The Prater also houses a planetarium and the Prater Museum, a little disappointing as museums go although the antique slot machines are worthwhile.

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House of Music (Haus der Musik)
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The House of Music, or Haus der Musik, rates among the best museums in the city. Spread over 4 floors (the 5th is a café and restaurant), it helps explain sound in an amusing and interactive way, accessible to both children and adults.

The 1st floor houses the Vienna Philharmonic's historical archives, where a shortened version of the world famous New Year's concert can be heard and you can compose your own waltz with the interactive roll of a die. The 2nd floor's "prenatal listening room" re-creates noises heard by babies in the womb. Haydn, Mozart, Beethoven, Schubert, Strauss and Mahler each have a room on one level and yet another floor deals with experimental and electronic music. Displays are very interactive.

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Heroes’ Square (Heldenplatz)
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A colossal piazza right at the heart of Imperial Vienna, Heldenplatz stretches out in front of the sweeping arcs of the Hofburg Palace, which was commissioned for the Habsburg Imperial Family in 1881. Constructed under the orders of Emperor Franz Joseph II as part of the city’s elegant Ringstrasse thoroughfare in the late 19th century, the square is dominated by two vast equestrian statues of Archduke Charles of Austria and Prince Eugene of Savoy, and completely surrounded by the Baroque beauty of Vienna’s most important landmarks.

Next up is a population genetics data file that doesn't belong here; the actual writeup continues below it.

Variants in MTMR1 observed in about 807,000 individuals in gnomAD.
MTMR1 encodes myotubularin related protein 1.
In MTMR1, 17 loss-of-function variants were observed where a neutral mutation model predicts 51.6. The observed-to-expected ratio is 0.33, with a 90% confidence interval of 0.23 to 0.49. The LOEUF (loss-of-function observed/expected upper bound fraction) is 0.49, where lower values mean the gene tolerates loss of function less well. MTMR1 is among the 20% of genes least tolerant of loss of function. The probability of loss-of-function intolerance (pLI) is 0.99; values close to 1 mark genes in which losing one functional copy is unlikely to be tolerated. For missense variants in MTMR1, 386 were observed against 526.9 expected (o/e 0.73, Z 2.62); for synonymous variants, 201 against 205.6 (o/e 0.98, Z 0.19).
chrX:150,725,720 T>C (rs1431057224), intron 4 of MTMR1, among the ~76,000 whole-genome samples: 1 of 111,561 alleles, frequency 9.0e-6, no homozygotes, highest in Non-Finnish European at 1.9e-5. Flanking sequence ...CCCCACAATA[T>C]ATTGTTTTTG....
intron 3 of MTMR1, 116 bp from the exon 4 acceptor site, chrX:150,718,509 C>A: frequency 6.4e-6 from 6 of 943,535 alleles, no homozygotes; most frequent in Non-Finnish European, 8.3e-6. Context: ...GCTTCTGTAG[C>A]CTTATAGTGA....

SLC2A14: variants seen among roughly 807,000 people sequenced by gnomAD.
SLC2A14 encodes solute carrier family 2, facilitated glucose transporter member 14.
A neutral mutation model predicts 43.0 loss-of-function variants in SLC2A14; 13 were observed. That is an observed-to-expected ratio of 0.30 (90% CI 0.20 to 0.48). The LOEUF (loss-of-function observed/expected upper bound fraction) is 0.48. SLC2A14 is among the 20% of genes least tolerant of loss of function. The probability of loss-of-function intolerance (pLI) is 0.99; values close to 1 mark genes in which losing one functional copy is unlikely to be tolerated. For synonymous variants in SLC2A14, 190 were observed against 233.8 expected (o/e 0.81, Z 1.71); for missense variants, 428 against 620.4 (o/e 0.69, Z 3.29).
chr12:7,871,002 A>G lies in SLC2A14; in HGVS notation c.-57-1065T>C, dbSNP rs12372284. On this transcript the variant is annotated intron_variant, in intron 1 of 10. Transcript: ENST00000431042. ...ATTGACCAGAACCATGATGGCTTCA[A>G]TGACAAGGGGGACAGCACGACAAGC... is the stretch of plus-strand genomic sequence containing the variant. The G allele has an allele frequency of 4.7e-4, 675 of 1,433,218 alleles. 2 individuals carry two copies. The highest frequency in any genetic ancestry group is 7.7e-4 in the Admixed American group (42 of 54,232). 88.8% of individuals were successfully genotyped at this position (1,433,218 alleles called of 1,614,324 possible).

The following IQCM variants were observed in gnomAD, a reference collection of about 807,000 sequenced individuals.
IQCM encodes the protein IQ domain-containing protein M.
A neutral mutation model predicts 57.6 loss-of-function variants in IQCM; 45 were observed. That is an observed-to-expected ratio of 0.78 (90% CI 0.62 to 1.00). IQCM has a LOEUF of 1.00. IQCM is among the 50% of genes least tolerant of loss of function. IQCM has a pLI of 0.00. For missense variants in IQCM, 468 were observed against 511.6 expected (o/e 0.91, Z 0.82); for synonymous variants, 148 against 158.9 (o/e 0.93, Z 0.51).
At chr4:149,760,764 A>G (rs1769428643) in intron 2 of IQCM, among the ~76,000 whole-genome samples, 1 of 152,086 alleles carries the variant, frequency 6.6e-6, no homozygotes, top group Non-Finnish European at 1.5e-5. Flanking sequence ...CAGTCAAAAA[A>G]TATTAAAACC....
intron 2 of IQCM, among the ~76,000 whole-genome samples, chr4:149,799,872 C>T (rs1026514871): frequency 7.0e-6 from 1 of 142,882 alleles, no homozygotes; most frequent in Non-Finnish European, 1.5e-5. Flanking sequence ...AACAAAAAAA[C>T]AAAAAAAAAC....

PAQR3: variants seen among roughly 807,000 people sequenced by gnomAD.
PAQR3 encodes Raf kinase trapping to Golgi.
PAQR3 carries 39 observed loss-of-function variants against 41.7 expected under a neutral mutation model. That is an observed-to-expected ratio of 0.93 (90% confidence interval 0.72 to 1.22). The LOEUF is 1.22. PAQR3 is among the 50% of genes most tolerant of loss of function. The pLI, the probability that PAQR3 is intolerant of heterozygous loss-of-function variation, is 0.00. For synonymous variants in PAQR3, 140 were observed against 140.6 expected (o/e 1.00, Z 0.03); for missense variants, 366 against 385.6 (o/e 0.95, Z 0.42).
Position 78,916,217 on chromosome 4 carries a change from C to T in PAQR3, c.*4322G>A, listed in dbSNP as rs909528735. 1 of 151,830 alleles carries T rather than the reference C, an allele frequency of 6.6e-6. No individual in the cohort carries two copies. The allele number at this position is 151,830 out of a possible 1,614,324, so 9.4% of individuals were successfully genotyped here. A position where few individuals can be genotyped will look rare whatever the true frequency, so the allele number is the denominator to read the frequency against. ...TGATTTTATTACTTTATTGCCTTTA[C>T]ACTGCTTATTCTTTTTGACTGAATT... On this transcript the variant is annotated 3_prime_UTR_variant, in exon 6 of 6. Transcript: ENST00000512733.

The Habsburg dynasty, rulers of the Austro-Hungarian Empire, lived on this spot in various palaces from the 13th century until its demise in 1918; now the palace is home to several sublime Imperial collections in the Neue Burg, Sisi and art museums; the Imperial Apartments; the office of the Austrian President; the National Library; the Hofburgs’ private chapel; and the Augustinian Church, parish church of Vienna’s aristocracy.

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Albertina Museum